Prince Charles: look away now.
Here's a glorious celebration of London's fascination with raw concrete. Brutalism as an architectural movement thrived from the 1950s to the mid-70s; it's the era that brought us the Trellick Tower, the Barbican estate, and the National Theatre.
Here are some of London's finest examples.
In the depths of the Golden Lane Estate in the City of London. Source Aridley88 Brunel University Lecture Centre. Source Londonist The Danish Embassy in London. Source Alex James Bruce The abandoned Heygate Estate in Walworth, Southwark (now demolished) Source Reelness 360 Ventilation in Myatts Fields, South London. Source Derelictlondon The National Theatre has been Grade II* listed since 1994. Source Melissacmorris Inside the SOAS Library. Source Es Kwon Finsbury Estate, Islington. Source Timslessor Camden Town Hall. Source Blairthomson Glenkerry House, Poplar; the Balfron Tower's baby brother. Source Brutalism:online Canary Wharf Underground Station Source Instagram Trellick Tower in the mist. Source Richard Wilson The Rowley Way Estate (properly called the Alexandra and Ainsworth estate) was built between 1972 and 1978. It is constructed from site-cast, board-marked white, unpainted reinforced concrete. Source Robertwardw9 The 1930s brutalist Spa Green Estate between Rosebery Avenue and St John St in Clerkenwell. Source This Brutal House The brutalist Keybridge House in Vauxhall. Source Jaroslaw Marciuk Brutalism on York Road, London. Source Sywater Part of the Seven Ages of Man sculpture at Baynard House, Blackfriars. Source Mattbooy University of London's Institution of Education. Source Fedeuk Kings College London, Aldwych. Source Allwillb One of five Corbusier-inspired blocks on the Alton Estate, Roehampton. Source Londonfromtherooftops The Alexandra Road Estate, Swiss Cottage. Source Londonist Royal College of Physicians near Regent's Park. Source E Architect Centre Point. Source Samlucasmore Understated beauty at the Barbican. Source Jonas Prism Sampson House, Blackfriars. Source Allwillb The whole Barbican is Grade II listed. Source Daveburt Ministry of Justice, Westminster. Source Jaroslaw Marciuk St Giles Hotel, Bloomsbury. Source Fedeuk The Crystal Palace National Sports Centre. Source Adlerose National Theatre, Southbank was designed by architects Sir Denys Lasdun and Peter Softley and structural engineers Flint & Neill. It opened between 1976 and 1977. Source Atmoorehead Splashes of gold on Golden Lane Estate, built in the 1950s. Source Lizetta Crescent House, Golden Lane Estate. Source Lizetta The Aylesbury Estate, Walworth. Source London Gram Looking down on brutalism at the Barbican. Source Mrwhisper Weston Rise Estate near King's Cross. Source 20bedfordway The Curtain Road car park in Shoreditch. Maybe not brutalist as such, but pretty brutal looking. Source London Gram The Brunswick Centre is a grade II listed residential and shopping centre in Bloomsbury, Camden. Source Eelyn1 Inside Trellick Tower. Source Designmuseum The Embassy of the Czech Republic at the junction of Kensington Palace Gardens and Bayswater Road. Source Pouru The Alexandra and Ainsworth estate, more commonly called Rowley Way, is a housing estate in Camden. Source Theboygeniuz The brutal Guoman Tower hotel next to Tower Bridge: is this London's ugliest building? Source Brighton Brutal balconies at Brixton Rec Centre. Source Brixtonblog Stockwell bus garage Source Fedeuk Erno Goldfinger's Trellick Tower. Source Richard Wilson Trellick Tower: brutalism through the branches. Source Itsandremartins Sheraton Park Tower Hotel in Belgravia. Source Richard Wilson The SOAS building, just off Russell Square. Source Solarpatrick Welbeck Street in the West End. Source Peter Uk70 The Ministry of Justice. Source Jaroslaw Marciuk All the shades of grey at Centre Point. Source Richard Wilson Crystal Palace Sports Centre. Source Highriselights The National Theatre is often cited as an archetype of brutalist architecture in England. Source Instagram Brutalism in Covent Garden. Source Ben Pedroche Castle Baynard. Source Auketts Weston Rise Estate on Pentonville Road. Source By Jack The brilliantly brutal National Theatre on the South Bank. Source Garconjon Camberwell College of Arts. Source Alex James Bruce The Civil Aviation Authority building, between Covent Garden and Kingsway. Source Solarpatrick The brutalist Brunswick Centre in Camden achieved Grade II status in 2000. Source Solarpatrick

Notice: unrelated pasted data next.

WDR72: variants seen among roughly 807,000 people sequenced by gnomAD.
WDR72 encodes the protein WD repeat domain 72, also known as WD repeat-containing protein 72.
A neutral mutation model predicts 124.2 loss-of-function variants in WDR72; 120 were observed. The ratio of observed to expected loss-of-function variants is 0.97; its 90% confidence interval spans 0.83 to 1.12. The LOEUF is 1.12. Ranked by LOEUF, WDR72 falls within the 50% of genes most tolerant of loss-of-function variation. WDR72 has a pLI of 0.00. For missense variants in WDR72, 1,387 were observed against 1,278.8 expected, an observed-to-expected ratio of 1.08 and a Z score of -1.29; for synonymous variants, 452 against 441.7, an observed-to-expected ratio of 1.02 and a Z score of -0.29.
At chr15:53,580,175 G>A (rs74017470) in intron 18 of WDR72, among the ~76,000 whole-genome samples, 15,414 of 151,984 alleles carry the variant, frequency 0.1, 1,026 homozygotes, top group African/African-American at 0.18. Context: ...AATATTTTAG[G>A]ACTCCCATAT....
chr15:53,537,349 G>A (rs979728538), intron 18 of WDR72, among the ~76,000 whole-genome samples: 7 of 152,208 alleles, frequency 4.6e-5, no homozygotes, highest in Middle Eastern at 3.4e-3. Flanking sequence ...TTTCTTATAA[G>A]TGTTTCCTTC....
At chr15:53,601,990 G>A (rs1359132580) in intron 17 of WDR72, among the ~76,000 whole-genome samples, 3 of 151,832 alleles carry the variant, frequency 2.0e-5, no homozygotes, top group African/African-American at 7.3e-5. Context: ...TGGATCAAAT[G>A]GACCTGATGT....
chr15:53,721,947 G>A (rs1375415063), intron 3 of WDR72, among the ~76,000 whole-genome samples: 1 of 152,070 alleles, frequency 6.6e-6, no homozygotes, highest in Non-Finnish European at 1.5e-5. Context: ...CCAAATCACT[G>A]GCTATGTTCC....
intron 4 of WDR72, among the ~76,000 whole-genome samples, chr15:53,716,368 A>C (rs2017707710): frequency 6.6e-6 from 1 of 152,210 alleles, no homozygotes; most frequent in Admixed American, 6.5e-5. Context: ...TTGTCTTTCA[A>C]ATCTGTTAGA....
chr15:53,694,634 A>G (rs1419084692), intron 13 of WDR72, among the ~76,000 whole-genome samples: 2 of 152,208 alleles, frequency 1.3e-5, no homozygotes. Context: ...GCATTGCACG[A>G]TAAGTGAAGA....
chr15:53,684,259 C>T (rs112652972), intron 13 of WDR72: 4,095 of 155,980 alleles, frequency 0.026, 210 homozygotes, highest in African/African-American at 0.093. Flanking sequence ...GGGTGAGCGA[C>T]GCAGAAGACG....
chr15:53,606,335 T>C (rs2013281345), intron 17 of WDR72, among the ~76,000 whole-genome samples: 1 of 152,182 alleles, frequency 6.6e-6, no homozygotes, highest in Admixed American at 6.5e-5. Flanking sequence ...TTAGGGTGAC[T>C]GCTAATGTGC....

Last Updated 27 February 2017